Sunday, January 11, 2009


The lyrics for the songs in "A Southern Christmas Carol" look to the original Charles Dickens book not only for inspiration but for content, for metaphors, for figures of speech. There's no better example of this than in the show's opening number "That's Old Man Scrooge." The music is upbeat, catchy, with a folksy Country music feel. The lyrics also have a very "American," Country music feeling, but they also follow concept for concept the description of Srooge that Charles Dickens wrote in the opening pages of the book.

Look over Dickens' descripion of Scrooge--printed below--paying special attention to the phrases and words highlighted:

"Oh! But he was a tight-fisted hand at the grind- stone, Scrooge! a squeezing, wrenching, grasping, scraping, clutching, covetous, old sinner! Hard and sharp as flint, from which no steel had ever struck out generous fire; secret, and self-contained, and solitary as an oyster. The cold within him froze his old features, nipped his pointed nose, shriveled his cheek, stiffened his gait; made his eyes red, his thin lips blue and spoke out shrewdly in his grating voice. A frosty rime was on his head, and on his eyebrows, and his wiry chin. He carried his own low temperature always about with him; he iced his office in the dogdays; and didn't thaw it one degree at Christmas.
"External heat and cold had little influence on Scrooge. No warmth could warm, no wintry weather chill him.No wind that blew was bitterer than he, no falling snow was more intent upon its purpose, no pelting rain less open to entreaty. Foul weather didn't know where to have him. The heaviest rain, and snow, and hail, and sleet, could boast of the advantage over him in only one respect. They often "came down" handsomely, and Scrooge never did.
Nobody ever stopped him in the street to say, with gladsome looks, "My dear Scrooge, how are you? When will you come to see me?" No beggars implored him to bestow a trifle, no children asked him what it was o'clock, no man or woman ever once in all his life inquired the way to such and such a place, of Scrooge. Even the blind men's dogs appeared to know him; and when they saw him coming on, would tug their owners into doorways and up courts; and then would wag their tails as though they said, "No eye at all is better than an evil eye, dark master!"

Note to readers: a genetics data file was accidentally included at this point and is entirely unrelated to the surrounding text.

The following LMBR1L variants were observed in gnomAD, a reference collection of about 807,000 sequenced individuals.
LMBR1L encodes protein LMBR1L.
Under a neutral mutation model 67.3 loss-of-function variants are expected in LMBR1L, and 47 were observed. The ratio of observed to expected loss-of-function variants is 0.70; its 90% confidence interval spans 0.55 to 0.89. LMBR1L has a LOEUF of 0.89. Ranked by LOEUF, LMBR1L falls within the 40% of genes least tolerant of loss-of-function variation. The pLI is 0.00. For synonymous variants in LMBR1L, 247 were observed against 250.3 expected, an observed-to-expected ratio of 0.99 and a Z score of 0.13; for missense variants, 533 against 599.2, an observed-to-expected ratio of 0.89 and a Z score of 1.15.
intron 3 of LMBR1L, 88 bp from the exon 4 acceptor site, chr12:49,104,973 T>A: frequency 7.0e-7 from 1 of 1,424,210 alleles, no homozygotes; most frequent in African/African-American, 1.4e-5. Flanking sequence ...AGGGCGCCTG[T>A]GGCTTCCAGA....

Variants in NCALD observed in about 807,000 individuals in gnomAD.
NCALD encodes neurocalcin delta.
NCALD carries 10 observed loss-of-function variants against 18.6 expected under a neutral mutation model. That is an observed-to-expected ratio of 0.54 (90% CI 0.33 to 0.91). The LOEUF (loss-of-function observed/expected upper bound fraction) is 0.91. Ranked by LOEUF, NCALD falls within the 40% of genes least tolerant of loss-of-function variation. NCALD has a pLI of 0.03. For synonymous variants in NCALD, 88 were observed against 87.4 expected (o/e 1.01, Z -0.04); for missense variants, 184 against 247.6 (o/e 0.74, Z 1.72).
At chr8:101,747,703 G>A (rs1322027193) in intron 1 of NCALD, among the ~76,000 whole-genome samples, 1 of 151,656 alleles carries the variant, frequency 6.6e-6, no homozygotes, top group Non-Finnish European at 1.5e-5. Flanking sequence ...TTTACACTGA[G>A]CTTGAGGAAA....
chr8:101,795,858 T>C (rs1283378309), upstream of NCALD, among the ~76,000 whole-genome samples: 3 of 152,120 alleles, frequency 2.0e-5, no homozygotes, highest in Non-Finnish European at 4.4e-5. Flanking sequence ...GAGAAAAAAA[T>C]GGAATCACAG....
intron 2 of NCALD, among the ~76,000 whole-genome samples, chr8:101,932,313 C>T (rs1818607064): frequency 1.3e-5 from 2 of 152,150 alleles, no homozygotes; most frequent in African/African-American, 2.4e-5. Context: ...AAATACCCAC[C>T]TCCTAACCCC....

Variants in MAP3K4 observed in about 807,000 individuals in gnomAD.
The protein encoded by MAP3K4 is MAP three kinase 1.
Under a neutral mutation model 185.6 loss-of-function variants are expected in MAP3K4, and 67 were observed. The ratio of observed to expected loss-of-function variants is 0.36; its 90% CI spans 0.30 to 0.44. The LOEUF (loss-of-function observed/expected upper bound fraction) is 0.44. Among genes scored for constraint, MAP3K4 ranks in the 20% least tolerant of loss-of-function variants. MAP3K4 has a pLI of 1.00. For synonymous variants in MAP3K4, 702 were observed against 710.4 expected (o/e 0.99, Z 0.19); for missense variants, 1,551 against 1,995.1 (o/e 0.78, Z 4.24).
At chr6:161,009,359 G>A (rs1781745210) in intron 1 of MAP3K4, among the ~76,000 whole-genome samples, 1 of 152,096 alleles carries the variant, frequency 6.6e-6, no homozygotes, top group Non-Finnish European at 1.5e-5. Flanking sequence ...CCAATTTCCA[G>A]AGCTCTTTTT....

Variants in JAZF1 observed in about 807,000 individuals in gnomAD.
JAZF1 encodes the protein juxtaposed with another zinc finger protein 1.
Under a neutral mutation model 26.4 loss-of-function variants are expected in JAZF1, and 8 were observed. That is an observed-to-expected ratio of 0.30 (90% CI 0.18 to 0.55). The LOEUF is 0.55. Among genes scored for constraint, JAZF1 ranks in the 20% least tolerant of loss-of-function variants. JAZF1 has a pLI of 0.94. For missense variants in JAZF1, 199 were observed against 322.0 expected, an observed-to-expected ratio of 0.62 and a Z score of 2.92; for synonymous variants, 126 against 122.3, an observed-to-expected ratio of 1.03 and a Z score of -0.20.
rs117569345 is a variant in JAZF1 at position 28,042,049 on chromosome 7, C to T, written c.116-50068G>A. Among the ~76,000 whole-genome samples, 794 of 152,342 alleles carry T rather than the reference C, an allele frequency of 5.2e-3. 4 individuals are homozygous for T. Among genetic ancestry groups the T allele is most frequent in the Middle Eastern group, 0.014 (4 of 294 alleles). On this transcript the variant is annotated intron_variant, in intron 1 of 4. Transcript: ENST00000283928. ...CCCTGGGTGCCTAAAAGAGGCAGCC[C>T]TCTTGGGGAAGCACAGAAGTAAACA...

But what did Scrooge care? It was the very thing he liked. To edge his way along the crowded paths of life, warning all human sympathy to keep its distance, was what the knowing ones call "nuts" to Scrooge.

Compare the above passage from Dickens' oirginal book to the lyrics below:

“Now Old Man Scrooge was hard as flint.
He carried a chill wherever he went,
Even in the Summer’s scorchin’ sun!
Nothin’ could warm him one degree
No wind that blew was more bitter than he.
When they saw him comin’ dogs turned tail to run!

"Feel that chill comin’ down the street?
That’s Old Man Scrooge!
Cold as snow and hard as sleet:
That’s Old Man Scrooge!
Get out of his way or don’t you know
He’s liable to tell you where to go!
A mean old cuss
Who’ll make a fuss--
That’s Old Man Scrooge!

"Now Scrooge’s face was frozen stiff
With his nose turned up like he’d caught a whiff
Of some awful, rotten, stinkin’ smell!
His cheeks were shriveled!

"His nose looked nipped!
Had a bluish tint to his thin, pursed lips
Because he hadn’t smiled in quite a spell

"Don’t waste your breath on a 'howdy do!'
To Old Man Scrooge!
He’ll keeping walking right past you.
That’s Old Man Scrooge!
When they see him passin’ by
Children hide and babies cry!
Listen to me
Just leave him be!
Old Man Scrooge!

"Squeezing, wrenching, grasping, clutching!
Beggars never asked him for a dime!
Wheezing, scraping, cursing, cussing!
No one even asked him for the time!

"Hard as flint! Cold as snow!
Carries a chill wherever he goes!
Dogs turn rail! Babies cry!
He Hasn’t got time for you or I!

"Who’s that comin’ down the street?
That’s Old Man Scrooge!
Hurry! Make a fast retreat!
That’s Old Man Scrooge!
Don’t you dare to wish him well
Or he’ll tell to you to Hell--

"There’s no doubt
He’ll chew you out!
That’s Old Man Scrooge!"

Even though"A Southern Christmas Carol" moves Dickens' classic story to the rural American south and changes the time period to the 1930's and the era of the Great Depression, the show is, nevertheless, more faithful to the ideas, themes and content of the original book than are most of the more traditional theatrical adaptations of the story.

Above: Old Man Scrooge (Peter Lewis--far left) freezes passer-bys on the street with his frosty glare in the musical number "That's Old Man Scrooge." (From the 2004 Cotton Hall Production of "A Southern Christmas Carol.")

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